Written By
Trista Sobeck

Traveling the World, Finding Respect, and Cooking with Common Threads

From preparation to the ‘sobre mesa,’ Common Threads is spreading cultural awareness, respect, and yes, cooking classes to anyone who is interested. “It’s never too soon and no one is ever too young to help out in the kitchen,” says Chef Instructor, Victoria Nieto, of Common Threads. “When people are close to the food preparation process and are comfortable, they understand how to choose what is healthy for them.”  

 

‘Sobre mesa,’ is a term—rooted in Hispanic heritage—that means ‘over the table’ or ‘after the table’ and refers to that moment when everyone has finished eating but is savoring a moment of unity. “All these generations are sitting together, listening with respect and taking turns to speak,” explains Chef Nieto. “It provides a beautiful sense of unity and inclusion.” This is the essence of what Common Threads seeks to provide. 

Because of this ethos, as well as the mission to provide healthy eating to communities, Isagenix’s ISA Foundation has partnered with them to support their youth and family education programs in Chicago, Miami, and Pittsburgh. 

Common Threads is located across the country and now expands from Texas, to Florida, and New York. With the organization’s recent step into virtual classes, the organization can now teach anywhere. However, Hispanic roots run deep. “Cultures affect the way people prepare food, think about nutrition, and how they relate to food prep,” says Chef Nieto. “With Latina or Hispanic cultures, specifically, there is a traditional respect for food,” she explains. 

Chef Nieto shares that she grew up in Venezuela. “People put great care into food prep, setting the table, choosing ingredients—to assure of the best and freshest options—and are very proud of their choices,” she explains. “People are very proud of the recipes that come from different sectors of the country with varying ways in which to prepare. They are very proud of their specific methods,” she explains.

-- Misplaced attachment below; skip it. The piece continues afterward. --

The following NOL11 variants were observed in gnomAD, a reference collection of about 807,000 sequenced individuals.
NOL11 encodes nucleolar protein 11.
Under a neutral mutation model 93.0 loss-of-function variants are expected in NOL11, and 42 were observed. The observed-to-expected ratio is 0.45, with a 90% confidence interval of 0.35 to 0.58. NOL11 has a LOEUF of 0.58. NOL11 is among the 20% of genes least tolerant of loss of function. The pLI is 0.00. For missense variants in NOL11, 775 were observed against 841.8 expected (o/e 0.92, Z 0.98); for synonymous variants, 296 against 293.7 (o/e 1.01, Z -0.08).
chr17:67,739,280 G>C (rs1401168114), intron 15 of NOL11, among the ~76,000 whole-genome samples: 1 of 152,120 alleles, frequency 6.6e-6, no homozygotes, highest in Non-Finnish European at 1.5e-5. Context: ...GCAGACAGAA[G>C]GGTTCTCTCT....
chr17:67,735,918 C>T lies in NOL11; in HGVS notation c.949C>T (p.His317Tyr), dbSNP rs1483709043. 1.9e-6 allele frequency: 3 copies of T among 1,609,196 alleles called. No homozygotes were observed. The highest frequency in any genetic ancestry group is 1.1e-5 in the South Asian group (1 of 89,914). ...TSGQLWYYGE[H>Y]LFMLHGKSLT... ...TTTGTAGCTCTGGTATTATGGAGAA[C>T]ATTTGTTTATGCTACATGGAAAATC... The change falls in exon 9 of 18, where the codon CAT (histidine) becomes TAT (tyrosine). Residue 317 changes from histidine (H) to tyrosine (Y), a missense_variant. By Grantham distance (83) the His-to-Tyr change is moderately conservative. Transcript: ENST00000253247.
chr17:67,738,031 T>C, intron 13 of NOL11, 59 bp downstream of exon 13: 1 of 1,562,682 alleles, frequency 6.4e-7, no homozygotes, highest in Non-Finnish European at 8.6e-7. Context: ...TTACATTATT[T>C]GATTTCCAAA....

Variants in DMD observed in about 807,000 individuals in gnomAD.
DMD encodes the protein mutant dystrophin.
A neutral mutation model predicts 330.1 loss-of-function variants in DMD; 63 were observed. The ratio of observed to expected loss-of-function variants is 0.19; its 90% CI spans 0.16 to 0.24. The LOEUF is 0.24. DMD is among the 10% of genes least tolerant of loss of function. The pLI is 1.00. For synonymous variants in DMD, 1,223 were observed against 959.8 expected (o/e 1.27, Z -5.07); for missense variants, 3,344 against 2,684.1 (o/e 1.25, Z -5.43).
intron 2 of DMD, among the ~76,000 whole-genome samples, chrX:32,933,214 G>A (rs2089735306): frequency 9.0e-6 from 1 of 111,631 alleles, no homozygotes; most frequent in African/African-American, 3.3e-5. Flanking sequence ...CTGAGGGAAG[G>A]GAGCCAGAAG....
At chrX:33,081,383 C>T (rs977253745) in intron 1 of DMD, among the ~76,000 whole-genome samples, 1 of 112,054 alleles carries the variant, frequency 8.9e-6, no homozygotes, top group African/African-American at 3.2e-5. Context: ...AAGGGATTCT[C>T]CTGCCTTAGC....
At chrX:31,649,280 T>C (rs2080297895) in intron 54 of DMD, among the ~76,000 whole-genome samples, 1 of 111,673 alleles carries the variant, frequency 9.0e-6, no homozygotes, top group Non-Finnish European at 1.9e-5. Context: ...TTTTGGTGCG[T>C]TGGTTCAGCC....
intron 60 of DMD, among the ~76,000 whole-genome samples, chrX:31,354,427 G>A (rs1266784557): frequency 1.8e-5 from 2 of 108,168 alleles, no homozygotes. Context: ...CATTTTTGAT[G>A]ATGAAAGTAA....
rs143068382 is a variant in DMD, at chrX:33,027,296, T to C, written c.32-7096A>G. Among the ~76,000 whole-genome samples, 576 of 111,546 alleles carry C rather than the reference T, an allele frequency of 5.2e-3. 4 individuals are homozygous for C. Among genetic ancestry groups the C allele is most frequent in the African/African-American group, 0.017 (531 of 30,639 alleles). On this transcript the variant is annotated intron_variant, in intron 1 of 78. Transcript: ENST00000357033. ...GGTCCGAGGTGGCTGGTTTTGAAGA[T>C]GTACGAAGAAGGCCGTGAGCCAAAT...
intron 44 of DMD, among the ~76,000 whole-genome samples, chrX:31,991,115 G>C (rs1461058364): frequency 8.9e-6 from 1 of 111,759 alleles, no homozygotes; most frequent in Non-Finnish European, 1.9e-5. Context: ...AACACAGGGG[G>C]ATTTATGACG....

Common Threads has developed a curriculum that teaches not only the mechanics of cooking but this type of respect that helps people understand the culture. Participants in a Common Threads class get passports to help them remember more about the specific country they “visited.” It also includes the recipe and fun details.  

“They learn about the culture, the capital, the population, and the etiquette,” explains Chef Nieto. “We include all this in the lesson, and it makes such a difference for them to understand certain acceptable manners,” she says. With such an emphasis on global learning, the prize at the end of the class is sitting together and eating a beautifully prepared meal. This helps imprint how important food really is.  

 

“Not every country is lucky enough to have a program like Common Threads,” says Chef Nieto. “Although Latin countries are rooted in tradition, they are missing the social aspect and the partnering with people. This is one of the reasons we are making sure we reach more and more people. I am honored to continue this work with Common Threads and Isagenix.”  

 

Check out some of Common Threads’ recipes here!  

 

Cuban Mojo Pork: Spanish, English 

Pozole Verde: Spanish, English 

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